2012 Presidential election: Private money piling up fast

 From as little as $2 to more than $2,000, individual donations are pouring into the presidential campaigns at extraordinary rates.

We've seen more fundraising than we've ever seen before," said Bill Allison of the Sunlight Foundation, a non-partisan government watchdog group. President Barack Obama and Governor Mitt Romney opted out of federal campaign money making this the first presidential election where private money is exclusively funding both candidates.  

Based on campaign finance reports dated July 31, 2012, President Barack Obama has raised $347 million dollars from private money, a hefty margin over Governor Mitt Romney's $192 million.  But political analysts say the donation disparity between the two candidates doesn't mean the Republicans are in trouble. Outside fundraising for Romney from super political action committees or "super PACS" are outpacing the top Democratic super PAC, Priorities USA Action, more than five to one.

"For Romney, he's gotten a tremendous amount of support from the financial, insurance and real estate sector," said Allison. The top industries supporting Obama include Hollywood, law firms and the education, technology and health fields.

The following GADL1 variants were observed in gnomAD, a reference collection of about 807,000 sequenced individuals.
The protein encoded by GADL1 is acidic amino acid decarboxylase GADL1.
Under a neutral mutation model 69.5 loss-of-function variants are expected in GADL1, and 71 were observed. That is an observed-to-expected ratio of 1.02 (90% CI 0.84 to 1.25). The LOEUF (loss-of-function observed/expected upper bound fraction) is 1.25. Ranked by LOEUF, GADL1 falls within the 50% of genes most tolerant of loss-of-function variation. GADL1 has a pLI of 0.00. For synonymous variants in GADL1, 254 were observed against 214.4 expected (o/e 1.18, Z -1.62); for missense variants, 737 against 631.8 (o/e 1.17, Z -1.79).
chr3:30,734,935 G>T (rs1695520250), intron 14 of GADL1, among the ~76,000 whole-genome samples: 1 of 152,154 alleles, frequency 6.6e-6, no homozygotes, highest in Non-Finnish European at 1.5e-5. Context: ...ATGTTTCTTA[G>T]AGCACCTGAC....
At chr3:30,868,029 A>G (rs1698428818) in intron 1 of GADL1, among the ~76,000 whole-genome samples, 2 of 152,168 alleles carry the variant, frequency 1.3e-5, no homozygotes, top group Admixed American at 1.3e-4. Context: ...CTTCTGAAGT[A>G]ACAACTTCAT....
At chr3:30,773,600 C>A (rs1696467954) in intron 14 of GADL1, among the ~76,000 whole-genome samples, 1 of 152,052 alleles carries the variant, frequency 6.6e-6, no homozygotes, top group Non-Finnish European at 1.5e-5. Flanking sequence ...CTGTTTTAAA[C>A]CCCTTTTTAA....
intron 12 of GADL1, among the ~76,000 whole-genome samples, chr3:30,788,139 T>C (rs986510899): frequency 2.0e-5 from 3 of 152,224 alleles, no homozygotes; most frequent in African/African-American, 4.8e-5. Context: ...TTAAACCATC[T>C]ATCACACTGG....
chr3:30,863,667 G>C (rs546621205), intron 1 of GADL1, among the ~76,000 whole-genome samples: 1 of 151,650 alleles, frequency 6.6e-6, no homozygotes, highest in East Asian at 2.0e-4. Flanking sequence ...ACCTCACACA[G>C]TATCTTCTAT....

"It's really staggering that Obama has raised half of his money from those giving $200 or less," said Michael Beckel from the Center for Public Integrity, a non-partisan, non-profit news organization. Beckel added Romney has received more than half of his donations in the amount of $2,000 or more.

Gender is generating money differently for both campaigns. Forty-four percent of Mr. Obama's funds have come from women compared to 56 percent from men. But women aren't as generous to Romney. Private money from women make up just 29 percent of Romney's funds, but men are responsible for 70 percent.  

Campaigns are spending these donations on TV ads, voter registration drives, travel, polling and even data mining. "What they're doing is collecting all sorts of information on voters – their buying habits, their past voter registration," said Allison who added that campaigns have become much more sophisticated in identifying potential donors in hopes of getting more people to open up their wallets.

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